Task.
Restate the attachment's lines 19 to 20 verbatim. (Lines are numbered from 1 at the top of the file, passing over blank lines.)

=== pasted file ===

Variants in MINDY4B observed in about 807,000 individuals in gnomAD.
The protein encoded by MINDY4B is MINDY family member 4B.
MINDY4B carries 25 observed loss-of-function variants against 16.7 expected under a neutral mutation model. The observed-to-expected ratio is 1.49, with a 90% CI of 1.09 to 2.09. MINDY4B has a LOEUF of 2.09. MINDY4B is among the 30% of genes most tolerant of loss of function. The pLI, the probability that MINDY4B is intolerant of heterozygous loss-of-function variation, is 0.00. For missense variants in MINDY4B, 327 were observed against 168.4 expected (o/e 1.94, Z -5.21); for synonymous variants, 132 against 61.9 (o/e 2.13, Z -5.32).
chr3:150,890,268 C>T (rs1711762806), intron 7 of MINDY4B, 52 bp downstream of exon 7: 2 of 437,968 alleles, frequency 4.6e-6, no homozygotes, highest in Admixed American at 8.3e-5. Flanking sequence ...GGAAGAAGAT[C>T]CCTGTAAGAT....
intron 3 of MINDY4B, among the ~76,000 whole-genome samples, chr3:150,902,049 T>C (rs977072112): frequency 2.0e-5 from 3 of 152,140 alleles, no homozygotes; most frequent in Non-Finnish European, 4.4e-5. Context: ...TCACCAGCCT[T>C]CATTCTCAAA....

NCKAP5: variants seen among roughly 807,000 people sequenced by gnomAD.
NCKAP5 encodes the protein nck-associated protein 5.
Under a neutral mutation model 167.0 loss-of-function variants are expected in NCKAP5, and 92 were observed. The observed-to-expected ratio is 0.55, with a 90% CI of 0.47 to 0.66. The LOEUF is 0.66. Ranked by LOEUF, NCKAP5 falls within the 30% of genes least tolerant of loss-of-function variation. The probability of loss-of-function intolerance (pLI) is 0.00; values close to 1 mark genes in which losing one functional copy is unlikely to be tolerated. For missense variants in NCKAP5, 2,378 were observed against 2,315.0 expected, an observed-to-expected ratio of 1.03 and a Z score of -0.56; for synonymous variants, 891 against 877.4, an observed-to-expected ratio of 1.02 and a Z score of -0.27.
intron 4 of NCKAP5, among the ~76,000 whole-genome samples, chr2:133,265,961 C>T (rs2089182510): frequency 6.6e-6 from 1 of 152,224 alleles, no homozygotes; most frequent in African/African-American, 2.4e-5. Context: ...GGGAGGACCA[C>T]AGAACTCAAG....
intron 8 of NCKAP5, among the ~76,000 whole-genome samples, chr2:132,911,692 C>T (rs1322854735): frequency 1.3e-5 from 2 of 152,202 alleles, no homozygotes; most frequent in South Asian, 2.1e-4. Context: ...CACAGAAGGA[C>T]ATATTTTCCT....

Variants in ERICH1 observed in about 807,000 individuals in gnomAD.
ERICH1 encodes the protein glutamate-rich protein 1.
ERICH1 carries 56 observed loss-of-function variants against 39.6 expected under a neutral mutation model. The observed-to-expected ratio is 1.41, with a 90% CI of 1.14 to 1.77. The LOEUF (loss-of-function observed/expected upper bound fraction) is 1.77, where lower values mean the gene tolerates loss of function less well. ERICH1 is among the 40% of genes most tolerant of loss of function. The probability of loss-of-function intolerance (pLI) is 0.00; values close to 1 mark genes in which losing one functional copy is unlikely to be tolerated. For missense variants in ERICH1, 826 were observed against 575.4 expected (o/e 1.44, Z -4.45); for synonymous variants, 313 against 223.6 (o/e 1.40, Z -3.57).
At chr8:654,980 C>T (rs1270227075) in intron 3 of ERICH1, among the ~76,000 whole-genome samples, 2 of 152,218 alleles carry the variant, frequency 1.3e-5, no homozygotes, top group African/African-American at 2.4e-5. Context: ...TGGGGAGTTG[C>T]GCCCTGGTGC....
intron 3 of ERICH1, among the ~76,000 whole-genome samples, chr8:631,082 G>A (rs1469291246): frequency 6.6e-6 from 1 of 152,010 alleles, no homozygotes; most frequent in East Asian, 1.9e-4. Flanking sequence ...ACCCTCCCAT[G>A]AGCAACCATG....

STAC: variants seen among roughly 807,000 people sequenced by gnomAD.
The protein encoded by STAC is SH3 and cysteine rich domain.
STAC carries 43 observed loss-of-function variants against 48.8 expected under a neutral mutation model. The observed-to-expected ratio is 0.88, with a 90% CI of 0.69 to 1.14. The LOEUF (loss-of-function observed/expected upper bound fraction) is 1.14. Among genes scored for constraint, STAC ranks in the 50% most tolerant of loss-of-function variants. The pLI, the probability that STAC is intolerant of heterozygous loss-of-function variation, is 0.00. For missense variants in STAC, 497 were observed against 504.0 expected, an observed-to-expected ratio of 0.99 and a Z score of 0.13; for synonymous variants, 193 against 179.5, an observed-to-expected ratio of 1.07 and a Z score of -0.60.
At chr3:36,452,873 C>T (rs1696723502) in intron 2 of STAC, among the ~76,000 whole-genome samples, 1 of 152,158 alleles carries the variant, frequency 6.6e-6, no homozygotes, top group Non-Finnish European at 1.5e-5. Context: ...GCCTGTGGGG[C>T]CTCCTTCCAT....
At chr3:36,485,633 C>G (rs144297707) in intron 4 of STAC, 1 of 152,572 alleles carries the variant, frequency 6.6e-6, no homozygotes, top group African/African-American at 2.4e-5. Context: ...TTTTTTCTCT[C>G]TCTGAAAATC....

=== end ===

At chr3:36,452,873 C>T (rs1696723502) in intron 2 of STAC, among the ~76,000 whole-genome samples, 1 of 152,158 alleles carries the variant, frequency 6.6e-6, no homozygotes, top group Non-Finnish European at 1.5e-5. Context: ...GCCTGTGGGG[C>T]CTCCTTCCAT....
At chr3:36,485,633 C>G (rs144297707) in intron 4 of STAC, 1 of 152,572 alleles carries the variant, frequency 6.6e-6, no homozygotes, top group African/African-American at 2.4e-5. Context: ...TTTTTTCTCT[C>G]TCTGAAAATC....